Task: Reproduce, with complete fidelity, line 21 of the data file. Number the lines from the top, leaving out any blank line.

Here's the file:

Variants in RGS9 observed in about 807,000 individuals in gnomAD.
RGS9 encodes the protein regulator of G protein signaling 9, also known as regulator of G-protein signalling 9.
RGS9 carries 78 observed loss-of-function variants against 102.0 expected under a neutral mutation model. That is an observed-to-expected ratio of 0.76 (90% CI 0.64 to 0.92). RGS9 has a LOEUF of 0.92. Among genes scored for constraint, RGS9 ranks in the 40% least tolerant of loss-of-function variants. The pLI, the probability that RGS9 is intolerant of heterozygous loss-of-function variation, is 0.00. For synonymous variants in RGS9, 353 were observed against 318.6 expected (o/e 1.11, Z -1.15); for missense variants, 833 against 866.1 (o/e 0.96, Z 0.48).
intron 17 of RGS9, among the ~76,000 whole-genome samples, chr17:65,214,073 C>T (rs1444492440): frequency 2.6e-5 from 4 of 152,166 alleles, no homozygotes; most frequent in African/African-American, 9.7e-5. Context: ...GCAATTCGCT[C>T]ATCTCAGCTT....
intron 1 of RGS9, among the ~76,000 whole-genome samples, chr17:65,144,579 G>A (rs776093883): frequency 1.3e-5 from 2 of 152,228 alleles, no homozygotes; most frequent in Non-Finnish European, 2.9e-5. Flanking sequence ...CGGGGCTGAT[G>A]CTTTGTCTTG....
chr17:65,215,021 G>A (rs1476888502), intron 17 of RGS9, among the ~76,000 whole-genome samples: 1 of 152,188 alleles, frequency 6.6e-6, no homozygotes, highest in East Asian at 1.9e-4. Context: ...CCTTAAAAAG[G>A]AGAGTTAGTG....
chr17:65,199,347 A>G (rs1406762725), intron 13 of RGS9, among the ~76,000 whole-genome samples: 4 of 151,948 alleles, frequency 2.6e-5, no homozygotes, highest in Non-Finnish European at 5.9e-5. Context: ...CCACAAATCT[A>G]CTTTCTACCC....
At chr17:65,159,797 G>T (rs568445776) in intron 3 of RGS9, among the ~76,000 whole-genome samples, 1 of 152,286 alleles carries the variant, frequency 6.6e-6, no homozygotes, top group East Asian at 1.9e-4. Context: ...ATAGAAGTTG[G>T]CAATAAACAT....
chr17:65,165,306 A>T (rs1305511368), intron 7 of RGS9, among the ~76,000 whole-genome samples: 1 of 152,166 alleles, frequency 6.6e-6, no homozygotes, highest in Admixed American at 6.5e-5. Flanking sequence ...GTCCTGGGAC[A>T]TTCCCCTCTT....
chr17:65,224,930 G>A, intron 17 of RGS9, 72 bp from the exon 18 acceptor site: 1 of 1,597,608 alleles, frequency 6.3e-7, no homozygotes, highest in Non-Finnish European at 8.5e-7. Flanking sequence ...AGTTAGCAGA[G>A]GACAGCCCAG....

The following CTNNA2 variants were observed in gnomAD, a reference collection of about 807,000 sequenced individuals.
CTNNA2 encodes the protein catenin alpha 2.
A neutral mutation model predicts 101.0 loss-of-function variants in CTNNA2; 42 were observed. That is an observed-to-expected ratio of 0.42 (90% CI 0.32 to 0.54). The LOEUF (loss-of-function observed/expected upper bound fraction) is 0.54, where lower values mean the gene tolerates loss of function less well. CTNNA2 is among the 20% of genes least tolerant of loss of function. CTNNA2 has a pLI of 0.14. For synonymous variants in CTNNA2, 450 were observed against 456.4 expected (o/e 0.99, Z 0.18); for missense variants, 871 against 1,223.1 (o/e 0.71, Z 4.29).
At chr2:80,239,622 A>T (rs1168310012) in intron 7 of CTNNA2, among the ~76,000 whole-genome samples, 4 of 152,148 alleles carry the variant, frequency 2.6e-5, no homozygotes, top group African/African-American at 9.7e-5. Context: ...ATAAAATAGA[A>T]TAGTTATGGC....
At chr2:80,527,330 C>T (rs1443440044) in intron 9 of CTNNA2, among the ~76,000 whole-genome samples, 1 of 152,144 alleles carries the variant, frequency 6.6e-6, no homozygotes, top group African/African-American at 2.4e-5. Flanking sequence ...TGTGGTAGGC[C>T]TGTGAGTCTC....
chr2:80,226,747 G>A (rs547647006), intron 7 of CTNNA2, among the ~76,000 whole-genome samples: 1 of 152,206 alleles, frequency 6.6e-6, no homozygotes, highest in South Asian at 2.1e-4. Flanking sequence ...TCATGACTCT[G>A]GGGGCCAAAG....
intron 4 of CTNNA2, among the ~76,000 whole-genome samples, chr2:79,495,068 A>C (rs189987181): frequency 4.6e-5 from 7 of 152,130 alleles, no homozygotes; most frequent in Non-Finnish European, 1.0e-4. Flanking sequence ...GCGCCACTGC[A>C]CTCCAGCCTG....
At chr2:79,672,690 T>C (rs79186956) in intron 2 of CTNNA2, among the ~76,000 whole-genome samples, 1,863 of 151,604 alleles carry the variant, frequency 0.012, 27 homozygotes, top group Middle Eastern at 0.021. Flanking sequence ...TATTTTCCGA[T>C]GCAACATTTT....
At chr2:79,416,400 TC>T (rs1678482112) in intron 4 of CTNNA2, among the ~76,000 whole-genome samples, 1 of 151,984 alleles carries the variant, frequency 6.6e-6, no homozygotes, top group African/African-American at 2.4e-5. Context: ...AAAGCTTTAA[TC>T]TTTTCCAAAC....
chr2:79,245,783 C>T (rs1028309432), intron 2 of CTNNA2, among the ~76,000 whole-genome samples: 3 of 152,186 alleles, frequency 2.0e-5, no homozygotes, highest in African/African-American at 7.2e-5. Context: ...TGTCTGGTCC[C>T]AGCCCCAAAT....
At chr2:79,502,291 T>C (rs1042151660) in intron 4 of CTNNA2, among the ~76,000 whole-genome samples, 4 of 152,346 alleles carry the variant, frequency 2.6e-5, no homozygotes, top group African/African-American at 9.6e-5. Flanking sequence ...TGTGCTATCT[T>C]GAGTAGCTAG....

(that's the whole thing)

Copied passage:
At chr2:79,502,291 T>C (rs1042151660) in intron 4 of CTNNA2, among the ~76,000 whole-genome samples, 4 of 152,346 alleles carry the variant, frequency 2.6e-5, no homozygotes, top group African/African-American at 9.6e-5. Flanking sequence ...TGTGCTATCT[T>C]GAGTAGCTAG....